Green Shoots

A journey in optimism, ethics and enterprise

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Mapping a better world? Not this week.

One of my favourite TV programmes is the West Wing. In one great episode all the White House staffers have to go meet various lobby groups. CJ gets to meet the Organization of Cartographers for Social Equality. She hears about how the Mercator projection so often used for world maps distorts the world so that the developed countries far from the equator look much bigger than the often equatorially-based developing nations. She becomes convinced that the world should be seen through a different mapping projection.

A positive world view

A positive world view

In the programme we see her looking at the Peters projection of the world. For lobby group, social activists and aid organisations there has been a great deal of pressure to make the Peters projection the map of choice. However, traditionalists are quick to say it distorts the world making the countries outlines look very different from what we normally imagine they look like. The activists retort that in the Mercator projection Greenland looks twice the size of Australia while in practice, it is actually 3.5 times smaller. So while it may please our eye aesthetically, Peters at least makes things look about the right size across the world. For the poor of Africa living on a continent that is made to look insignificant, the Peters projection is a small change that can help later much deeper perceptions.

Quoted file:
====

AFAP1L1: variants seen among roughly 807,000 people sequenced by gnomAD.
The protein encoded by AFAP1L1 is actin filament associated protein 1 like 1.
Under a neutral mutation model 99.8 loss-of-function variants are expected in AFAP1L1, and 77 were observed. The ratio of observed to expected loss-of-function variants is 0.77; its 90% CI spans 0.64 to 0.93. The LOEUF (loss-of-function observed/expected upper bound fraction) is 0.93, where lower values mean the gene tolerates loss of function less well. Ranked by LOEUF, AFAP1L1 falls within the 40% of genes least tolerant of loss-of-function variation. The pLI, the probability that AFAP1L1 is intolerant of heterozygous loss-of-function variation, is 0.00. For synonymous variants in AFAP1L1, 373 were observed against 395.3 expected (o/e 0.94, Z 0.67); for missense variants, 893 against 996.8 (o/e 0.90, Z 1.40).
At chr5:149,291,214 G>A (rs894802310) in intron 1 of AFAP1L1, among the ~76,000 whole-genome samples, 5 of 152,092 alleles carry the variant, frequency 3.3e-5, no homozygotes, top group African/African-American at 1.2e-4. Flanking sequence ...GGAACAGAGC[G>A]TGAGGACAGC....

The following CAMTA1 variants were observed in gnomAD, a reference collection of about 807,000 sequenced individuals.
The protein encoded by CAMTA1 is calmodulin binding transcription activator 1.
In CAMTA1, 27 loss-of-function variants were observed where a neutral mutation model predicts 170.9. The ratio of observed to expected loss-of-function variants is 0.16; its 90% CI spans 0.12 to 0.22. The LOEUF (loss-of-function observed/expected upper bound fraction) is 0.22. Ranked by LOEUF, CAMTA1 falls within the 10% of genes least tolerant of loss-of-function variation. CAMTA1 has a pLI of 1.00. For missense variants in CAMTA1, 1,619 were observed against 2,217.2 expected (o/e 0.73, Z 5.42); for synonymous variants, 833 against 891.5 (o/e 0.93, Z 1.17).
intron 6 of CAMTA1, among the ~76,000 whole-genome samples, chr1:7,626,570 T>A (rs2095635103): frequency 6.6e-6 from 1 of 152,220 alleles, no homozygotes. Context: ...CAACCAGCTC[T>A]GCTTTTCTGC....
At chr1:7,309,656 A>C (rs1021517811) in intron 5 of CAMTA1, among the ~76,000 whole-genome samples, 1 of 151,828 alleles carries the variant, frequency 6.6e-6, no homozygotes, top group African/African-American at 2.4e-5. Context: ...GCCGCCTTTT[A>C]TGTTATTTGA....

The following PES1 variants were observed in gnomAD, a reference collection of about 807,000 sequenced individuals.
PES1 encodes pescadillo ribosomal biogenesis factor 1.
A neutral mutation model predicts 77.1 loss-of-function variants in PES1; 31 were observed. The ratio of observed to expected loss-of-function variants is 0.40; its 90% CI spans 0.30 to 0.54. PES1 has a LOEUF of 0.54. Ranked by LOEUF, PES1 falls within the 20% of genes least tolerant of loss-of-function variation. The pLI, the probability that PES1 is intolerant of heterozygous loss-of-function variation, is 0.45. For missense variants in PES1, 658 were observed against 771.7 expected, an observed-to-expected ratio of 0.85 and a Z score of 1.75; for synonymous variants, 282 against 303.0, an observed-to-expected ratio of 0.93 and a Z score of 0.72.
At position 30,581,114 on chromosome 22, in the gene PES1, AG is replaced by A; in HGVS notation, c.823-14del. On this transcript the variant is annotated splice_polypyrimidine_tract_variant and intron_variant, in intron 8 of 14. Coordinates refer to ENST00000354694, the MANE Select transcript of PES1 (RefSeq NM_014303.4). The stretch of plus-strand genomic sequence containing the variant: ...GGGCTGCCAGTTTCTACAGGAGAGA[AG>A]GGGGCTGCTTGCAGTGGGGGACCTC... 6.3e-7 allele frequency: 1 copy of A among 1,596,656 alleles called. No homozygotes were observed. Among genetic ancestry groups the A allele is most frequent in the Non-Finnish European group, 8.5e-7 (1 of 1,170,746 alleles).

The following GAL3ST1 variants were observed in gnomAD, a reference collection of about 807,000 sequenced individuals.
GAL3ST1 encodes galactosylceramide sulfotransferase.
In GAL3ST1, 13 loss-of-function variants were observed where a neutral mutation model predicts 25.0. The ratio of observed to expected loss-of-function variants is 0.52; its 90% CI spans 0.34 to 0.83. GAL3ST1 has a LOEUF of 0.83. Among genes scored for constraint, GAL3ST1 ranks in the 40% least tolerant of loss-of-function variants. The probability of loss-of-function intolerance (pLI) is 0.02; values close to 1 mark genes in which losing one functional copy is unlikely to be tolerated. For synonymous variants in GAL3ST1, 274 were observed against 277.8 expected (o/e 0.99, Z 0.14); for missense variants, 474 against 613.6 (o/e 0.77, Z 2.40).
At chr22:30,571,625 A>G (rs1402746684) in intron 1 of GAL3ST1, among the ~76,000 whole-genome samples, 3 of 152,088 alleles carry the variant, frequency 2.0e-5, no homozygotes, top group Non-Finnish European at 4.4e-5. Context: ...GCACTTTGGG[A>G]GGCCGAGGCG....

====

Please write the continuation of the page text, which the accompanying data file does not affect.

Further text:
Yesterday my favourite daily newspaper published a map of world as a free giveaway. Cool I thought -one to put on the wall to help the kids understand where the news is taking place. I was surprised that far from using one of the smarter projections like Hammer or the more politically correct (in the truest sense of the phrase) Peters, they had chosen the Mercator projection.

The rationale offered by the Guardian was “it is the standard map used in most schoolbooks and newspapers; it arguably has the clearest depiction of the countries…” I almost choked on my cornflakes. Now I can imagine the Telegraph running that argument, but surely the Guardian’s position as a self appointed change-maker in society should be reacting against that kind of “old world” view. The Guardian prides itself on using inclusive language – if a picture is worth a thousand words I would argue it is therefore a 1000 times more important to get the maps right.